Maximize survival: Scripps Health's active shooter drills prepare for the worst

Although hospital shootings are rare, recent shootings resulting in the deaths of patients, physicians and the shooters have increased attention on hospital security. More importantly, these events highlight the disconcerting reality of hospitals' inability to completely prevent such tragedies from occurring.

The recent string of hospital shootings may make such events seem common, but people have a greater chance of being struck by lightning than shot in a hospital, according to analysis from Johns Hopkins University School of Medicine in Baltimore.

It is still imperative for hospitals and health systems to prepare for "active shooter" situations, as they do occur. Unfortunately, this is not an easy task, as traditional security strategies are not always feasible in hospital settings.Chris Van Gorder, Scripps Health

For example, while placing metal detectors at the entrances of government buildings and airports is an effective strategy for preventing people with weapons from entering, hospitals — with their many entrances and emphasis on creating welcoming, patient-friendly environments — make metal detectors impractical. 

Chris Van Gorder, president and CEO of San Diego-based Scripps Health, says preventing active shooter situations is most
difficult because they are relatively unpredictable.

"It is virtually impossible to absolutely guarantee safety since hospitals must be open for [patients, staff and visitors] 24/7. Generally, the few active shooter incidents that have occurred in hospitals have come without warning," he says.

Additionally, Mr. Van Gorder explained violent threats usually come from unstable patients with behavioral issues or outbursts from patients or family members who become violent due to injury or drug and alcohol use.

A former police officer, Reserve Assistant Sherrif in the San Diego County Sheriff's Department and terrorism liaison officer with local law enforcement, Mr. Van Gorder is uniquely experienced in the safety and security tactics called upon in active shooter events. Since becoming Scripps' chief leader in 2000, Mr. Van Gorder has been an integral contributor to the development of the system's numerous safety initiatives.

While the Scripps' security officers, in collaboration with various law enforcement agencies, have a detailed series of procedures to take in the event of a shooter on campus, Scripps equally prioritizes training its physicians and other employees to ensure they are prepared.

"I've never had an employee or physician indicate they are frightened about an active shooter situation," Mr. Van Gorder says. "I think most realize this is a very rare, albeit visible, tragedy. We are good today but we know we can be better. That is why we are putting on the exercise."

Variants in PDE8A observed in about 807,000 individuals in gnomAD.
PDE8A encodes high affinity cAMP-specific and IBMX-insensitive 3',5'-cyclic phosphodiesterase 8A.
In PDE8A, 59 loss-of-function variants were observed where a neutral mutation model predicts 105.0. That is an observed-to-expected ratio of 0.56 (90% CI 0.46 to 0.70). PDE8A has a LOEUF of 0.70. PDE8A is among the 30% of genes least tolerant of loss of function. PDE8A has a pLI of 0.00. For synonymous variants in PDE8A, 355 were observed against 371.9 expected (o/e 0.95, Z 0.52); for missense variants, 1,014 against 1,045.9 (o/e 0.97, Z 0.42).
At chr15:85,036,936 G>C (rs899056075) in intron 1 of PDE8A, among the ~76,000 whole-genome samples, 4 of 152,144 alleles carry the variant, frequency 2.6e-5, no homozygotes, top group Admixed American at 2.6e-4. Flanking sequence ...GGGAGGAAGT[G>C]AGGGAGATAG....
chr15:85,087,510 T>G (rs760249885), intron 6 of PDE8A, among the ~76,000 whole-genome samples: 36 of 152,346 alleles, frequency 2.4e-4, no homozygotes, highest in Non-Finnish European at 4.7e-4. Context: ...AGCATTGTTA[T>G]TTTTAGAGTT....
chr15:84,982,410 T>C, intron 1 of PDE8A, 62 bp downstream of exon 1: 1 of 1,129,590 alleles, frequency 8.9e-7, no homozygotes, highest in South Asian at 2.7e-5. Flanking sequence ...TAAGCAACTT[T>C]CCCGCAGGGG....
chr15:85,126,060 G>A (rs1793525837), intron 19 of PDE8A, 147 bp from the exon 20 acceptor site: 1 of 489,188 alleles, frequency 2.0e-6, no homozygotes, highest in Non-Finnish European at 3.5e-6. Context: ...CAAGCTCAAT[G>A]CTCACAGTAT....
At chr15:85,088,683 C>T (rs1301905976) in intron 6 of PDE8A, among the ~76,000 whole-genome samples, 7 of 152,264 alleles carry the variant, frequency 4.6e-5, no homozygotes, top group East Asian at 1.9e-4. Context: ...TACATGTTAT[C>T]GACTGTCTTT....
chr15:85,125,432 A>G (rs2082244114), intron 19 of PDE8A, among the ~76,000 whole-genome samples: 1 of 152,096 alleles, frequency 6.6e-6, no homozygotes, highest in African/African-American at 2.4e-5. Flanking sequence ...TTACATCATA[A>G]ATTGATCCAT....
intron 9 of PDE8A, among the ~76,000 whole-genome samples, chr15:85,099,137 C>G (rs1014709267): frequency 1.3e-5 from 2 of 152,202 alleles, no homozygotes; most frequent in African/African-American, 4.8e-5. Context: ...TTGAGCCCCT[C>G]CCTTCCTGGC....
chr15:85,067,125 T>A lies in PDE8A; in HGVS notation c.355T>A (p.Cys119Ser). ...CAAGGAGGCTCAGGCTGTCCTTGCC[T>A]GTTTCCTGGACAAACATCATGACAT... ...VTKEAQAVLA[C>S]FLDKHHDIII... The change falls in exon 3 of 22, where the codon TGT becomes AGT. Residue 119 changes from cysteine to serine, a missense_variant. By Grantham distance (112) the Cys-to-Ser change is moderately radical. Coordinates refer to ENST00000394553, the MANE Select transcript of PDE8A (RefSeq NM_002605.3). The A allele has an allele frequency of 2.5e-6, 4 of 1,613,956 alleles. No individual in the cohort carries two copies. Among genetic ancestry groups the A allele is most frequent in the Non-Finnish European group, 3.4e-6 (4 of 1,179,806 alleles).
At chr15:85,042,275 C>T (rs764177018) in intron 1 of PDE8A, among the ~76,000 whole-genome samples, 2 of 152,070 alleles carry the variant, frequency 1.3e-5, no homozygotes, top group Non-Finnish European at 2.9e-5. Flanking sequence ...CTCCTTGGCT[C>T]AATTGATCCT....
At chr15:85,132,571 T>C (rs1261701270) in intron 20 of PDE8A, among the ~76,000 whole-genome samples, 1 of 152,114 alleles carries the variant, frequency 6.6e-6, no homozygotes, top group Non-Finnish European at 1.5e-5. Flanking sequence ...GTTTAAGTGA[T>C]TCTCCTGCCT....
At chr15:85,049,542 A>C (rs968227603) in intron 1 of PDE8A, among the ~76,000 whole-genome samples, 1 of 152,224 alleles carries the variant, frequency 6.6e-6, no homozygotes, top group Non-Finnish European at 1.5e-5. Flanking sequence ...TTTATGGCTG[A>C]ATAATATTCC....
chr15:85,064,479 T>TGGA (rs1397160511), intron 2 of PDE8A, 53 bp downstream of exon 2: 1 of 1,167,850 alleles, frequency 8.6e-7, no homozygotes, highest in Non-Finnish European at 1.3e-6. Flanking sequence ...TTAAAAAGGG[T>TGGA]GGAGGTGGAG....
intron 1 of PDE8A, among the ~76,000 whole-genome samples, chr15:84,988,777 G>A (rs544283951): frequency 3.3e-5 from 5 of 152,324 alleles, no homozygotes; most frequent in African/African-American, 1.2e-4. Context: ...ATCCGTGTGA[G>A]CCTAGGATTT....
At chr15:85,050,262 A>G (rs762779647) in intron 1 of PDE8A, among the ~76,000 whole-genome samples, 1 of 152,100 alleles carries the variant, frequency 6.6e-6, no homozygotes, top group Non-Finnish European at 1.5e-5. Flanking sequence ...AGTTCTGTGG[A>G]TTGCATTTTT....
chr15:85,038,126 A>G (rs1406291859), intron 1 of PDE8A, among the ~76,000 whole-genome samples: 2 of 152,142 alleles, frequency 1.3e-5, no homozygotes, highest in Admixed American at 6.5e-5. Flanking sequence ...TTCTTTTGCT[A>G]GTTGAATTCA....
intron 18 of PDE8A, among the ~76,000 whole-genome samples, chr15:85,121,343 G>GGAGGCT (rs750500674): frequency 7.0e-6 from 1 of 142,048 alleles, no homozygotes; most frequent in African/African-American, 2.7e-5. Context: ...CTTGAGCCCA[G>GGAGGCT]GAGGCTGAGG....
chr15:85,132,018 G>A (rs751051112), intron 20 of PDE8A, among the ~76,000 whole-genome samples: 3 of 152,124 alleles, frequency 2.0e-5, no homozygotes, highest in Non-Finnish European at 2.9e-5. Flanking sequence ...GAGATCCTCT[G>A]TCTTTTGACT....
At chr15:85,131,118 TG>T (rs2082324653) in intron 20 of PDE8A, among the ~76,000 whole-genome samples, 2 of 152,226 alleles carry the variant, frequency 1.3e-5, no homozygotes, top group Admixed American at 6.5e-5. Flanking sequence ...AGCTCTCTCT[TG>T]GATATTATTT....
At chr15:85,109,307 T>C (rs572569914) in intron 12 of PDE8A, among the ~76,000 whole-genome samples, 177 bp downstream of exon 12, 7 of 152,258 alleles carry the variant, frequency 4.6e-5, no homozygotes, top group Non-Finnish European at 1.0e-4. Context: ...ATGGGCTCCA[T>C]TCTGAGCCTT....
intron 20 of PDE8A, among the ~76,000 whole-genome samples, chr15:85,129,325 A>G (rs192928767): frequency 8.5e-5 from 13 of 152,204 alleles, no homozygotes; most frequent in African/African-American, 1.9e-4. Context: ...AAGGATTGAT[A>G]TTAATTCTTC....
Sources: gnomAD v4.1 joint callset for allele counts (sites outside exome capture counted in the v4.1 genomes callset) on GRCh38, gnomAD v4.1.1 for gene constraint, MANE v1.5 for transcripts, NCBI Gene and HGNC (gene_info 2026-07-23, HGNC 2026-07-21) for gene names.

Several years ago, Scripps created a terrorism task force with local law enforcement agencies to improve communication and sharing best practices. Beginning last year, Scripps implemented a series of trainings and multi-agency exercises to prepare hospital staff to handle violent threats and maximize survival in violent circumstances.

These exercises are highly resource intensive and require months of planning and coordinating, as well as the participation from outside law enforcement agencies. Patty Skoglund, RN, Scripps Health's disaster preparedness coordinator, and her team began planning the system's second annual active shooter exercise almost a year ago. The second drill is set to occur today.

According to Mr. Van Gorder, these drills involve several hundred people, including hospital staff, police officers, SWAT teams, bomb squads, firefighters, paramedics, EMTs, ambulance companies and mock patients.

In a typical scenario, an actor enters the hospital and pretends to shoot people. The shooter travels to multiple floors of the hospital, eventually taking someone hostage. Staff practice responding and call law enforcement. Various law enforcement agency teams arrive on the scene and act as they would in a real active shooter situation, while hospital staff, in an internal disaster mode, activates its incident command structure to evacuate patients in danger and continue caring for all patients remaining in the facility.

After the drills, which are filmed, there is an extensive debriefing and an exercise report is developed to design more effective tactics and training for everyone involved, Mr. Van Gorder explained.

As evidenced through its comprehensive training regimen, Scripps' dedication to preparedness is full-fledged. Most importantly, hospital staff feel safer and more confident in the system's security procedures after having completed training and debriefings.

With the understanding that peoples' initial reactions under duress are based on instinctual responses to life threatening situations, the drills are aimed to teach staff to make the right choices to increase the chances of survival. According to Scripps' "Lessons Learned" debriefing of the 2014 drill, those who are trained will commit to action based on a survival mindset — trained responses based on best practices — instead of relying solely on survival instincts, a critical aspect of maintaining hospital safety during threatening circumstances.

The active shooter exercises effectively train participants to develop the mindset that could save their lives during a catastrophic event, but further, they lend individuals the assurance to take action, when necessary, to help ensure the safety of others.

This became evident in Scripps' 2014 post-drill survey of system employees, in which a common theme emerged: "I thought I would run away, but found myself compelled to help my coworkers. I could not leave my friends behind."

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